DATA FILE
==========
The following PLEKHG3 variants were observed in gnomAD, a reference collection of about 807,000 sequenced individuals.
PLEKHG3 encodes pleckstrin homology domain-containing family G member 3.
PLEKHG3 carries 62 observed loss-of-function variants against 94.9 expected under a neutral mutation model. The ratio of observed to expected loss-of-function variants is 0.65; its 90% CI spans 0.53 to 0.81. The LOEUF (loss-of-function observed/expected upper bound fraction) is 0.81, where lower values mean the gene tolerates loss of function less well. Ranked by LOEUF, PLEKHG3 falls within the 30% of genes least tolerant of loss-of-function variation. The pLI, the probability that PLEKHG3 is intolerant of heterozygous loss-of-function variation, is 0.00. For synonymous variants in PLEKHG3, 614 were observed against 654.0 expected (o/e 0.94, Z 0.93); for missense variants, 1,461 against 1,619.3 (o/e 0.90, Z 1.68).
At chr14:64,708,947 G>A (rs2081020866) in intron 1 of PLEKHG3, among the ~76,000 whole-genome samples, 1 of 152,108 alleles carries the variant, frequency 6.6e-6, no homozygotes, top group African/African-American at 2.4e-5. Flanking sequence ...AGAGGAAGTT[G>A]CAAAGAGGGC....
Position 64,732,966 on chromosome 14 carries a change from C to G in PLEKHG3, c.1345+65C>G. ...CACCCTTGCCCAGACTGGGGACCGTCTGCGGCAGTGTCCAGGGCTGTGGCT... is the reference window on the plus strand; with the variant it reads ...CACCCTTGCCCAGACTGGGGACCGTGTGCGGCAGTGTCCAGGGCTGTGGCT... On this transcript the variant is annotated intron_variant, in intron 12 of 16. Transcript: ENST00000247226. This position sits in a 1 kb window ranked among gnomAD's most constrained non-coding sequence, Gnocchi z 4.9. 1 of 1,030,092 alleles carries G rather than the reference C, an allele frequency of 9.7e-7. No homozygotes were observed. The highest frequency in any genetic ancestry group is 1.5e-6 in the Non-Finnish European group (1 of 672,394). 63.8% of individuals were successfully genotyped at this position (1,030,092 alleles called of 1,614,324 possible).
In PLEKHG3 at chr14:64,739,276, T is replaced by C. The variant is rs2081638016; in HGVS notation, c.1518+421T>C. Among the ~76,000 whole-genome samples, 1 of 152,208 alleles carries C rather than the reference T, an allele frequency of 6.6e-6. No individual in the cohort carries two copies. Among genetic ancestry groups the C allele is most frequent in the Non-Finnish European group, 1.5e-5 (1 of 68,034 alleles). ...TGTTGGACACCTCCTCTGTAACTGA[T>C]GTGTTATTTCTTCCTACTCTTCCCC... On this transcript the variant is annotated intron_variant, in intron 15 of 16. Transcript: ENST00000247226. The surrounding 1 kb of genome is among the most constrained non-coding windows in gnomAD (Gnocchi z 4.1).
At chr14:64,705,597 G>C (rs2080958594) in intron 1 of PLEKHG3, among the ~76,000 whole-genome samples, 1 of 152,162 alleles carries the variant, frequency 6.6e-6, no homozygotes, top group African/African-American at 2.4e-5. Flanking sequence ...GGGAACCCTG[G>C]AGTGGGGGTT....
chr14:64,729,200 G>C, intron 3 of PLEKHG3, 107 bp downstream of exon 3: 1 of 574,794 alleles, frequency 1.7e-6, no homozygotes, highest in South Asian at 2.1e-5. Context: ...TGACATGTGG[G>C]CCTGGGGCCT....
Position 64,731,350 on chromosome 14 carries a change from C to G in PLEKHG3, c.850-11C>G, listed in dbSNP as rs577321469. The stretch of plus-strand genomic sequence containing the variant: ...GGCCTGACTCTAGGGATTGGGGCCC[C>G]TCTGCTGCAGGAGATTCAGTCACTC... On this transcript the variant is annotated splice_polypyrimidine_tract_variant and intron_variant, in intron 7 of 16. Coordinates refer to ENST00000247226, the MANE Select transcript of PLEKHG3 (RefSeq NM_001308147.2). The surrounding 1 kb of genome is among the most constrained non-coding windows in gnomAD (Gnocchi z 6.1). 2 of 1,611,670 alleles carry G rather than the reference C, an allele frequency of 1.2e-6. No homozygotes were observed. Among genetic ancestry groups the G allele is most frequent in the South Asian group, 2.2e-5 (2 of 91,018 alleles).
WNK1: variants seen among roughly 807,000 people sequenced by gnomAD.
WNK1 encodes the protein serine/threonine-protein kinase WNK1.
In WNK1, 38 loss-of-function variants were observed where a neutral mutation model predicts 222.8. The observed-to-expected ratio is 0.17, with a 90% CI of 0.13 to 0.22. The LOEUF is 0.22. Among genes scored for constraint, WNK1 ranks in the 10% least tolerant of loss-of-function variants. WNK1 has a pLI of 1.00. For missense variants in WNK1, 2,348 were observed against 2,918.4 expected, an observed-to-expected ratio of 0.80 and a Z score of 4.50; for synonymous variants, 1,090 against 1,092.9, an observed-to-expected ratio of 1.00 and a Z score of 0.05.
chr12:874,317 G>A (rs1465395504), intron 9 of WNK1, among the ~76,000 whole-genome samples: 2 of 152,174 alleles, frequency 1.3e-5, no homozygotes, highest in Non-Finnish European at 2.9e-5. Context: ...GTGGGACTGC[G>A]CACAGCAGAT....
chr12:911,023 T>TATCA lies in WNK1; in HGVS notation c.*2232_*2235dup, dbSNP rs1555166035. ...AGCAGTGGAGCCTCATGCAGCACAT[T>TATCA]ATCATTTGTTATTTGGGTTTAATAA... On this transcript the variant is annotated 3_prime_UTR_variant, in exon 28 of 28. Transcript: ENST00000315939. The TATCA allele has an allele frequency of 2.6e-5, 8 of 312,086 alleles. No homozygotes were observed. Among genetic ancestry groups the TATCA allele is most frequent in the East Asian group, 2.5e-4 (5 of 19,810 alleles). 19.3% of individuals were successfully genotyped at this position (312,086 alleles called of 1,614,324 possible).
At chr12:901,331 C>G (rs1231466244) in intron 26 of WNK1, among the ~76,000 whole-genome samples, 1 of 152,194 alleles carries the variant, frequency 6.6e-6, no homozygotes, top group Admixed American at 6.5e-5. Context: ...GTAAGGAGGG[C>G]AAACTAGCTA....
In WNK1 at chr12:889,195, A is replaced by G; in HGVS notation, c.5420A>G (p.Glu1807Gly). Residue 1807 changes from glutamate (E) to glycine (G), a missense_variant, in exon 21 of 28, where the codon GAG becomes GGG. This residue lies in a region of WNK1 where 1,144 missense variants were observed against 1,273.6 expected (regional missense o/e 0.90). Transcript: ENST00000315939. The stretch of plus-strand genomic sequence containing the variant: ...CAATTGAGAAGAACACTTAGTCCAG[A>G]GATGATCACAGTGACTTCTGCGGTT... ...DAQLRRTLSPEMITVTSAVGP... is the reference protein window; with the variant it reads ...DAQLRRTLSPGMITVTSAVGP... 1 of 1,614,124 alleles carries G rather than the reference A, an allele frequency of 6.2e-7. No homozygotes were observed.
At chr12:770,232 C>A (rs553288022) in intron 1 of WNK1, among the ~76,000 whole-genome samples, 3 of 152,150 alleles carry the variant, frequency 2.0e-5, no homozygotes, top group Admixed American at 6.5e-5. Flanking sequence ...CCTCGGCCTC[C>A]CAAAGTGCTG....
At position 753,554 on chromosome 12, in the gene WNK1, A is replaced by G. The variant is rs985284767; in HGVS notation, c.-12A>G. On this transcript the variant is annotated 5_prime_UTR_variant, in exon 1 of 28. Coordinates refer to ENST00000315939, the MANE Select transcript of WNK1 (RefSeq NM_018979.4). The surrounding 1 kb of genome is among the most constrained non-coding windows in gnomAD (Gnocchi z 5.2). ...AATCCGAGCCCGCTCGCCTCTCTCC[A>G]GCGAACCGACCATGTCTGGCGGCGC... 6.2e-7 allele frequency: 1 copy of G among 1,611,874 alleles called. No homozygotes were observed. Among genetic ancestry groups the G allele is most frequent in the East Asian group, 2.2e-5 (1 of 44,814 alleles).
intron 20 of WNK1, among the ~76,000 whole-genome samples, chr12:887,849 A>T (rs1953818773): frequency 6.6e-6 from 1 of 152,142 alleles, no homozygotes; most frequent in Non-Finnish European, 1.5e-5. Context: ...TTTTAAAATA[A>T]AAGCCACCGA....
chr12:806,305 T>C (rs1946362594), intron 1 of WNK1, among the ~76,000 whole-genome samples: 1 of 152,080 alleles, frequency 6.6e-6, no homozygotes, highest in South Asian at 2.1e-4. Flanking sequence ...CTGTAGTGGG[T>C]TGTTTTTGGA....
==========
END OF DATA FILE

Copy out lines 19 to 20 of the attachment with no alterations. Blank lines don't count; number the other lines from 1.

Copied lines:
intron 20 of WNK1, among the ~76,000 whole-genome samples, chr12:887,849 A>T (rs1953818773): frequency 6.6e-6 from 1 of 152,142 alleles, no homozygotes; most frequent in Non-Finnish European, 1.5e-5. Context: ...TTTTAAAATA[A>T]AAGCCACCGA....
chr12:806,305 T>C (rs1946362594), intron 1 of WNK1, among the ~76,000 whole-genome samples: 1 of 152,080 alleles, frequency 6.6e-6, no homozygotes, highest in South Asian at 2.1e-4. Flanking sequence ...CTGTAGTGGG[T>C]TGTTTTTGGA....